Bolsonaro veto casts doubt on Brazil's plans to privatize sanitation sector

Bnamericas Published: Thursday, July 16, 2020
Bolsonaro veto casts doubt on Brazil's plans to privatize sanitation sector

While federal and state governments in Brazil expect that new rules in the sanitation sector will attract a wave of private investments, full-blown privatizations are unlikely in the near term.   

"Privatization in the sector is not a trivial matter. Sanitation is a very capital-intensive sector and the return of those investments take place over a very long period. It requires a certain expertise from investors," Gustavo Mueller, director of the sanitation area at Fitch Ratings, told BNamericas. 

Water utilities controlled by state governments currently handle around 75% of the revenues in the sector, with municipal firms responsible for approximately 20%. Private sector players account for just 5%.

State governors, faced with a lack of revenues, had high hopes that the rules facilitating PPPs and privatizations – approved by the senate in June – would help raise cash. However their plans face new headwinds after President Jair Bolsonaro vetoed a key point in the bill.

The veto prohibits an authorization for state-run companies to automatically renew their existing contracts with municipalities for 30 years.

State governors had strongly defended this item, as state-run companies with firm long-term service contracts would be more valuable in the case of a privatization and might also attract greater interest from investors in the case of PPPs.

The scenario is particularly negative for state-run firms in the country's north and northeast, which have no long-term contracts with municipalities, unlike São Paulo utility Sabesp, Paraná’s Sanepar and Minas Gerais state water utility Copasa.

The federal government, which expects the new rules to help trigger investments in the sector of up to 700bn reais (US$131bn), justified the veto by saying that the new rules aim to increase competition, not guarantee long-term contracts for state-run firms.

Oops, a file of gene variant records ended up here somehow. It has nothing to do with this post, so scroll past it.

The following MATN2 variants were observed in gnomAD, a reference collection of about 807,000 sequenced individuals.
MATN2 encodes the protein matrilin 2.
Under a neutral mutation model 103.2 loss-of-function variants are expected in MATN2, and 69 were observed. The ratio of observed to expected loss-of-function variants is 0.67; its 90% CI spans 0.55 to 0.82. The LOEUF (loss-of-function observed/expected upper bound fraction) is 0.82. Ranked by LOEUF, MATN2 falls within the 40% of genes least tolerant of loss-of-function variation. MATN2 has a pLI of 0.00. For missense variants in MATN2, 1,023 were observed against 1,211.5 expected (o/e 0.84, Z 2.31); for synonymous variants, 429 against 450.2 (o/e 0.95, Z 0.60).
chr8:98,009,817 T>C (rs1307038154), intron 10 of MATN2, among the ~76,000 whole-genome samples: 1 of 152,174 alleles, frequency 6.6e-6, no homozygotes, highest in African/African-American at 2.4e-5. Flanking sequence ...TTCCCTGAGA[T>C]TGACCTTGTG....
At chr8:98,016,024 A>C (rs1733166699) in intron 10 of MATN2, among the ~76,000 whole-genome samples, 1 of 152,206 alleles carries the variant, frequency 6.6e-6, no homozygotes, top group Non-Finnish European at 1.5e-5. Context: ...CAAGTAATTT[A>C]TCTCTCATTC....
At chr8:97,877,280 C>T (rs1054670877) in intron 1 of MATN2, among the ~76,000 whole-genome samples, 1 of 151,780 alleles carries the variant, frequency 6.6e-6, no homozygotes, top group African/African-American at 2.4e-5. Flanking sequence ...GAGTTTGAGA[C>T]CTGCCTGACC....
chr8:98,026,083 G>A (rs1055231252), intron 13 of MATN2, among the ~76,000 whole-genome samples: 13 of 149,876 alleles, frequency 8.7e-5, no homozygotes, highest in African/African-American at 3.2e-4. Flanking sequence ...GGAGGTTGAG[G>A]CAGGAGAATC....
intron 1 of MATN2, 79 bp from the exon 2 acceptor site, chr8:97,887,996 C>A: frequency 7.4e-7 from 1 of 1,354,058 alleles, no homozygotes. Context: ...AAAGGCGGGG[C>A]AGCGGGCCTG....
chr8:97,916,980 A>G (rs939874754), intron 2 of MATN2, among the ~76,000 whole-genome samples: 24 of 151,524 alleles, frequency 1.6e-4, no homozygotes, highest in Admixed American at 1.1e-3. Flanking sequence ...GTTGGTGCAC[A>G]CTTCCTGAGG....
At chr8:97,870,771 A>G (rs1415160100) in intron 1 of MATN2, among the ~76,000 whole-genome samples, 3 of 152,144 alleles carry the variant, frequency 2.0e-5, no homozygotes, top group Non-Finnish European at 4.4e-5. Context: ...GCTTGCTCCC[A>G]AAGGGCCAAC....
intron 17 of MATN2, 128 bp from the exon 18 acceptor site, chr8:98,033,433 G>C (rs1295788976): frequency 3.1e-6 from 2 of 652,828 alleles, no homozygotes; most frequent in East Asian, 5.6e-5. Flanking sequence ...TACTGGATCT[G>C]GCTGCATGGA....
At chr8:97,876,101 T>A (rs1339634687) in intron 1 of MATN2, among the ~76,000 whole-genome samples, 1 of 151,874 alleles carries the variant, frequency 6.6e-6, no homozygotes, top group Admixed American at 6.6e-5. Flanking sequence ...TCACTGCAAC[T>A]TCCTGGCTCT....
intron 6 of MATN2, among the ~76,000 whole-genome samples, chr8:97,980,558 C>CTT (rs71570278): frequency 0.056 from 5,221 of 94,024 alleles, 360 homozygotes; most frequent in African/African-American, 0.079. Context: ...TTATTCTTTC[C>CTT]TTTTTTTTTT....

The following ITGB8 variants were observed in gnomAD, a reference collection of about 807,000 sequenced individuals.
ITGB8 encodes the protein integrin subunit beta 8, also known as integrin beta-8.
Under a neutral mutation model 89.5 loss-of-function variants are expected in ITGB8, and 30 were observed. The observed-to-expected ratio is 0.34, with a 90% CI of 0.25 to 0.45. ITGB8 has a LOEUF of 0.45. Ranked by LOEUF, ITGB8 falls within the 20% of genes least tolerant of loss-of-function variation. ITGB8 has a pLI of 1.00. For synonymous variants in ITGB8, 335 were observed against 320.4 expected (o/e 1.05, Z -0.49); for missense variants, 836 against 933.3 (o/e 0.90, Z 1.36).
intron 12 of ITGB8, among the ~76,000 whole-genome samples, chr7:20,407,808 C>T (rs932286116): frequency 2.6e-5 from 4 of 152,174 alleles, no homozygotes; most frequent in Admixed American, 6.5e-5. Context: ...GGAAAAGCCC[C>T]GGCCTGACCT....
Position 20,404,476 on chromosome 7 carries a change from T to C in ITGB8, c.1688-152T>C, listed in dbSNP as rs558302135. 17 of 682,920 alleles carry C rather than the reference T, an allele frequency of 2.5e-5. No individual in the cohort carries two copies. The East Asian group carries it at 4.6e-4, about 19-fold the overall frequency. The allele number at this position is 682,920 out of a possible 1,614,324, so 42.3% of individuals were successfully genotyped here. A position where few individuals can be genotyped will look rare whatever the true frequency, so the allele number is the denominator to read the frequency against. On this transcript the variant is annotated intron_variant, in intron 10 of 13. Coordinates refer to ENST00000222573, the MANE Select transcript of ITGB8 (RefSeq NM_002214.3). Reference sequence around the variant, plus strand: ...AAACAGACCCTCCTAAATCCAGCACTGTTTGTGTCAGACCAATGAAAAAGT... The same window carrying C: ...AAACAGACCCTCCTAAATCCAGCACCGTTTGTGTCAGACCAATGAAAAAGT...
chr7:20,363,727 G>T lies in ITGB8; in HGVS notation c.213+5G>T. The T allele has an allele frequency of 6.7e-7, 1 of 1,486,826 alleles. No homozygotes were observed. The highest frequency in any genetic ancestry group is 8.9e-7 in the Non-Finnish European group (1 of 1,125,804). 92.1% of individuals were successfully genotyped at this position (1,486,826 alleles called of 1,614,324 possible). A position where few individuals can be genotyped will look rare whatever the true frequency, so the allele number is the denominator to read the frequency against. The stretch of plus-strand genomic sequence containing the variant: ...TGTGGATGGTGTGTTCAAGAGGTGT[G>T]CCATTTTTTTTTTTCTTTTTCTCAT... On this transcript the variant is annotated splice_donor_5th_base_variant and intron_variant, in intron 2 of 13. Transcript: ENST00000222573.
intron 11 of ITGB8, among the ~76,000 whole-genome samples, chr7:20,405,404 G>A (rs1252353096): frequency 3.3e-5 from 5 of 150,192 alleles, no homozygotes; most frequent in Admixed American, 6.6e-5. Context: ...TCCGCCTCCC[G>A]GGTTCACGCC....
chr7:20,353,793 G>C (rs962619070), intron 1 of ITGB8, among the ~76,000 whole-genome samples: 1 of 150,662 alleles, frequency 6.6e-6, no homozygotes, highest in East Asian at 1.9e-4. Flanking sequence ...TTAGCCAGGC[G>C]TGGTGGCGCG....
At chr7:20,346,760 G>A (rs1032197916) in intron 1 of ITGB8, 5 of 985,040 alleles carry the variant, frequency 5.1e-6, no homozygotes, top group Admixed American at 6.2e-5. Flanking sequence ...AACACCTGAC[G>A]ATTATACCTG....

However, even considering the major and well capitalized firms in the sector, such as Sabesp, the task of attracting private investors is likely to be made more difficult by Bolsonaro's move. 

"Financially and operationally speaking, the privatization of a company with the size of Sabesp, which is the largest sanitation company in the continent, is quite difficult. In the most likely scenario, in the case of a privatization, we would see something similar to what happened in the [São Paulo] state's [natural] gas distribution sector, where this was divided by three companies," said Fitch's Mueller.

The veto imposed by Bolsonaro drew criticism from senators and is likely to further contaminate the relationship between the government and congress at a time when the current administration is seeking to advance its tax reform plans. 

"I think the government is shooting itself in the foot because it is a project that was being enthusiastically applauded from a good part of Brazilian society. It will become a major controversy," said Tasso Jereissati, an influential senator and the proposed rapporteur of the new sanitation rules. 


Looking for the major challenges ahead to structure models of public private partnerships and privatizations in the segment, state-run development bank BNDES is likely to play a key role in the area. 

"We have noticed in the last few weeks an enormous demand to advance on this agenda and the BNDES is at the disposal of any governor or mayor who wants to elaborate or debate the sanitation strategy for their region," said Gustavo Montezano, the bank's CEO. 

Moves to overhaul sanitation rules coincide with efforts to improve water and sewage disposal services throughout the nation. 

Nearly half of Brazil's population, or some 100mn people, do not yet have adequate sanitation services.

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